Health Care

Mercy, Summa CEOs Tell How They Saved Medicare $26M

Editor’s Note: The following is a letter to the editor io-signed by Michael Connelly, president and CEO or Mercy Health, Cincinnati, and Thomas Malone, president and CEO of Summa Health, Akron. The two systems are partners in Health Innovations Ohio. The letter was distributed to news organizations across Ohio.

YOUNGSTOWN, Ohio — At Mercy Health and Summa Health, we have big ambitions for the future of health care. We believe we can transform what many see as a bloated, costly and inefficient system, providing better care at lower cost.

In recent days, we have proven we can do just that. The Accountable Care Organizations that we operate, Mercy Health Select and NewHealth Collaborative, combined to save Medicare nearly $26 million in 2014 while improving the quality of care for nearly 100,000 Medicare beneficiaries.

Yes, that’s right – we returned money to the taxpayers. Not only did we provide quality care, but we kept patients healthier so they avoided costly hospital visits.

We are the only health care systems in Ohio to earn rewards through the Medicare Shared Savings Program. Our portions of shared savings will be used to reinvest in our care networks, providing support that helps patients all over the state, from Toledo and Akron to Cincinnati.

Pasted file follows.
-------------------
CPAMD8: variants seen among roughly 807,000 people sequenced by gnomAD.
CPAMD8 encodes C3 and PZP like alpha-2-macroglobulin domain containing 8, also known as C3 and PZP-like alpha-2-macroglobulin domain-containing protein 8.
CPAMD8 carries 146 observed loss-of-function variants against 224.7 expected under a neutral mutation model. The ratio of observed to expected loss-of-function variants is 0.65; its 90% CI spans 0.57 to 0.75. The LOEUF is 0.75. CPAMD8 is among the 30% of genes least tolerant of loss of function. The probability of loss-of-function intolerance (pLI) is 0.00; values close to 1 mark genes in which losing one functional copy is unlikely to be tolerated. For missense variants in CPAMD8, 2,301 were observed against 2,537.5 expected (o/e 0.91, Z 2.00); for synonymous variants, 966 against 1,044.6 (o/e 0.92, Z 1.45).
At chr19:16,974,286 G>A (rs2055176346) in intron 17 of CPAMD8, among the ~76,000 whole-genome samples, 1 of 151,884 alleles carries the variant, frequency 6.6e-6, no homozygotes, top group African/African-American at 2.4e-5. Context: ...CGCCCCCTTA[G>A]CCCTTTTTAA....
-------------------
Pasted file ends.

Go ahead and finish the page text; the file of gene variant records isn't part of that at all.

This is only one of the dozens of ways that Mercy Health and Summa Health are making health care in Ohio more effective for patients and more efficient for the taxpayer. Among the others: We are adding behavioral health experts in primary care offices, and we are hiring care coordinators to work directly with patients, making sure they make appointments and take the proper medications.

The Medicare Shared Savings Program is one example how government and the private sector can lead, finding innovative ways to produce better health care value for patients and for taxpayers.

Another substantial opportunity is in Ohio Medicaid. We need more accountability from Medicaid, including innovative agreements between providers and managed care plans. This is already occurring in pediatric care, with one example known as Partners for Kids at Nationwide Children’s Hospital in Columbus.

Our model of providing better care at lower cost, proven in Medicare, could augment the state policy direction for adults enrolled in Medicaid.

With Medicaid accounting for more than one-quarter of the entire Ohio budget, making Medicaid more efficient would be of immense benefit to Ohio taxpayers. At Mercy Health and Summa Health, we are effectively positioned to lead those changes.

Published by The Business Journal, Youngstown, Ohio.